Wildfires Turn Thailand’s Air Into the Planet's Most ToxicSource: Bloomberg
Top Asian finance ministers and central bankers are due to have a summit in northern Thailand this week, and they’ll need pollution masks if they want to avoid breathing toxic air.
Wildfires and crop burning are blanketing the region with smog, prompting Thailand’s junta leader Prayuth Chan-Ocha to fly to Chiang Mai -- the area’s tourist hot-spot -- early Tuesday to review the crisis. The city’s air quality index was 379 as he visited, the worst major urban reading globally and a level that’s hazardous, according to IQAir AirVisual pollution data.
The air was classed as unhealthy in nearby Chiang Rai, where finance ministry officials and central bankers from Southeast Asian nations as well as China, Japan and South Korea will meet from Tuesday through Friday. The Bank of Thailand has said it will hand out pollution masks to media covering the event.
Thai authorities blame crop burning to clear farmland, as well as wildfires in mountainous forests amid a drought and searing heat. Chiang Mai has set up a so-called safe zone for residents in a convention center, while a university in Chiang Rai canceled classes on Monday and Tuesday.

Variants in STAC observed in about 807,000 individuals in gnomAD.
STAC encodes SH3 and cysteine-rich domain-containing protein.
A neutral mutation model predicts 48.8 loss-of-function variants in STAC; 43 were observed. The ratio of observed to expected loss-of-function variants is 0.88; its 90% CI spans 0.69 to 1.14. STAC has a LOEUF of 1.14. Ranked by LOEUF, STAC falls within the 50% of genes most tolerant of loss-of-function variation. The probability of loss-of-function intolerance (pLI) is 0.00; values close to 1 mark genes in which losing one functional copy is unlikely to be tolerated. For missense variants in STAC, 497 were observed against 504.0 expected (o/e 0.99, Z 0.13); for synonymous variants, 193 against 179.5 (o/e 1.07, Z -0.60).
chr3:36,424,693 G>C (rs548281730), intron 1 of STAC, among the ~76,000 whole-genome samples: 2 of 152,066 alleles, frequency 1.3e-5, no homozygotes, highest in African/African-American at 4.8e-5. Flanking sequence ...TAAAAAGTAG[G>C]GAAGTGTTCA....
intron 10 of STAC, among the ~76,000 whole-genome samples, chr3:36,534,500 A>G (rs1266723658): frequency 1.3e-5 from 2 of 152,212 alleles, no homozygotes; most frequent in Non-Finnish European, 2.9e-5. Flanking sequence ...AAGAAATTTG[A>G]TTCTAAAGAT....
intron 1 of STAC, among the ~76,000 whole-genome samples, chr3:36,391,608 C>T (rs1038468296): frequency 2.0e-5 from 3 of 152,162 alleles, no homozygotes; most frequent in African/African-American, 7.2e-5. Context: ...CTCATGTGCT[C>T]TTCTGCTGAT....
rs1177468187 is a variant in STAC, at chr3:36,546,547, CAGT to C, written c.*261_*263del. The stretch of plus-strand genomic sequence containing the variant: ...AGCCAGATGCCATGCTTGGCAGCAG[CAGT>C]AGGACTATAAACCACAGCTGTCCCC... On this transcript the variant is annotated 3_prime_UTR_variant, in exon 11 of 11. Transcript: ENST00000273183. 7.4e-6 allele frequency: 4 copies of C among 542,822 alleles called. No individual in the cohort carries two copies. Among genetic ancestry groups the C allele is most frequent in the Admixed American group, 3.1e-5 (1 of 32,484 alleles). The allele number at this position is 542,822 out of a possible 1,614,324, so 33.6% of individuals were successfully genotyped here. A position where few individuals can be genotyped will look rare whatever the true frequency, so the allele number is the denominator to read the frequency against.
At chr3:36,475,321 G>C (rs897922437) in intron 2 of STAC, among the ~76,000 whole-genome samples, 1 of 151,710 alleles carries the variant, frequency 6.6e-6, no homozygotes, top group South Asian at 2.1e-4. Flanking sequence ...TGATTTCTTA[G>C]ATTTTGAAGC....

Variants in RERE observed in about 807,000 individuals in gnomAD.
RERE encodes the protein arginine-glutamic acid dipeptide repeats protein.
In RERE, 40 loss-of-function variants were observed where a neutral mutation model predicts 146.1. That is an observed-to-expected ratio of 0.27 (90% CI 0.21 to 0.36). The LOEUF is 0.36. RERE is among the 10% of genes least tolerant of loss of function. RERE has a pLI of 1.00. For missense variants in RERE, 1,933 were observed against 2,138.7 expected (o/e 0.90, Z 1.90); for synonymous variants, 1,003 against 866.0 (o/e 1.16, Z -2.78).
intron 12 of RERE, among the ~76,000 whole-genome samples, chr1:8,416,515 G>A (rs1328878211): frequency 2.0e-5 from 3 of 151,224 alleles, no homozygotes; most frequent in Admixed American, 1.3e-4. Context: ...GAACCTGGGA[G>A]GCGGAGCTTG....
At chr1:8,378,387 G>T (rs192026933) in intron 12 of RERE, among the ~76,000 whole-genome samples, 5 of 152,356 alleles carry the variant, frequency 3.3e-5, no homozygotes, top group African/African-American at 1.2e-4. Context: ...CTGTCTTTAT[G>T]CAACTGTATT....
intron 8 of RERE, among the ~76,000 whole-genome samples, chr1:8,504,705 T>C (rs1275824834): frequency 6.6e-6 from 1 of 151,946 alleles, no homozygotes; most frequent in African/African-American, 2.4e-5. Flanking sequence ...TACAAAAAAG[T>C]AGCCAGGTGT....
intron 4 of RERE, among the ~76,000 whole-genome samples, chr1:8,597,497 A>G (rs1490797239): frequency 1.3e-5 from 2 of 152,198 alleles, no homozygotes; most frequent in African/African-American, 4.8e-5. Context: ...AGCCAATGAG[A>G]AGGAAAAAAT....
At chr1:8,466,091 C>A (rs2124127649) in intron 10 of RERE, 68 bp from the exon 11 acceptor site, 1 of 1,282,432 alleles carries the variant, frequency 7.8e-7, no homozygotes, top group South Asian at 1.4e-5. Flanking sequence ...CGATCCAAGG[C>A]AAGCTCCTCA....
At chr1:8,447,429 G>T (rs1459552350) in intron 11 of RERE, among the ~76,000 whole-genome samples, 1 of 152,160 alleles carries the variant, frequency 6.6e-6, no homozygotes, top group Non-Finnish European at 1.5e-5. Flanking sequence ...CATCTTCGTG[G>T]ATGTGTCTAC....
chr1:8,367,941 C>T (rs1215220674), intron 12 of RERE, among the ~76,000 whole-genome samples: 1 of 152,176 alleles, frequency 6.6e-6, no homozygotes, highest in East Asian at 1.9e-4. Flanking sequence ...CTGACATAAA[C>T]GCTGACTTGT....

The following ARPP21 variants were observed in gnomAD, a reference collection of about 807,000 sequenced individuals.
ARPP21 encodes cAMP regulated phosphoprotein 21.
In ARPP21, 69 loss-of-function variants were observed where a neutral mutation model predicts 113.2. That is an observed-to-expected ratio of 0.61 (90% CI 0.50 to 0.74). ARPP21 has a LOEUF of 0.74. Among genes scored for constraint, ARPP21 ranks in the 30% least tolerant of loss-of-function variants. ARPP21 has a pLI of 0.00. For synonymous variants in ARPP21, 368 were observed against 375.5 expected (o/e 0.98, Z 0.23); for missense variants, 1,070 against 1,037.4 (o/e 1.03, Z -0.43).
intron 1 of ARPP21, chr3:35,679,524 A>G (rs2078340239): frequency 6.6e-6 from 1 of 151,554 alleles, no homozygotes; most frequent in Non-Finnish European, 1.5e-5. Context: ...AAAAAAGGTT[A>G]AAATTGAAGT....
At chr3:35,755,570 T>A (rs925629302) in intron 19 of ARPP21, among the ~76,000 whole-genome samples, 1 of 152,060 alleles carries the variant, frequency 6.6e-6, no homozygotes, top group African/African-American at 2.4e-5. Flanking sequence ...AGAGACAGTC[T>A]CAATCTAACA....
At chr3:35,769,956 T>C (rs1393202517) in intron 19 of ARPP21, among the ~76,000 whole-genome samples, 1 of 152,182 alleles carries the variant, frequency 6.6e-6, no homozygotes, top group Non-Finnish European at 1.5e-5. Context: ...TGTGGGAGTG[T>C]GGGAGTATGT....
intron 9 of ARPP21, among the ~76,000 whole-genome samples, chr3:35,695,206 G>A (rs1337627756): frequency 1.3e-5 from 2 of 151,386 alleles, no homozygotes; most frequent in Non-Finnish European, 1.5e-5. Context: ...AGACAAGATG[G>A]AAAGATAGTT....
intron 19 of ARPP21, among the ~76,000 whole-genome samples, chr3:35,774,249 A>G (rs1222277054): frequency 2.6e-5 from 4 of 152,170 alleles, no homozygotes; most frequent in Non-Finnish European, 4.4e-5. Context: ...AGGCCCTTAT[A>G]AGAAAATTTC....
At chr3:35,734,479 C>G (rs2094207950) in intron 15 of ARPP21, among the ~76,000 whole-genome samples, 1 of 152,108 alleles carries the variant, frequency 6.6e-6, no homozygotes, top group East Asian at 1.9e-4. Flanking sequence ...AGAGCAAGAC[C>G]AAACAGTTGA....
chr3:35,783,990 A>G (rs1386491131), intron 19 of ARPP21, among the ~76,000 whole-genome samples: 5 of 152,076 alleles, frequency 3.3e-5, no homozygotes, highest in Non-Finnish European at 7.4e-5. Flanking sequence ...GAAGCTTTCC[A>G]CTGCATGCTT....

"The haze usually comes and goes within a week or two, but it’s been persistent this time -- it’s the worst so far," Khuanchai Supparatpinyo, the director of Chiang Mai University’s Research Institute for Health Sciences, said in an interview. "This can be quite dangerous, and pose health risks."
Northern Thailand is a popular destination for visitors during the traditional Thai new year festival in mid-April but the smog is likely to make some holidaymakers think twice.
At the start of 2019, the military government was rattled by a second year of spiking seasonal air pollution in Bangkok, exacerbated by traffic fumes, industrial emissions and construction dust.
So far the episodes of smog haven’t damaged tourism but worsening haze could pose a challenge for an industry that’s key to economic growth.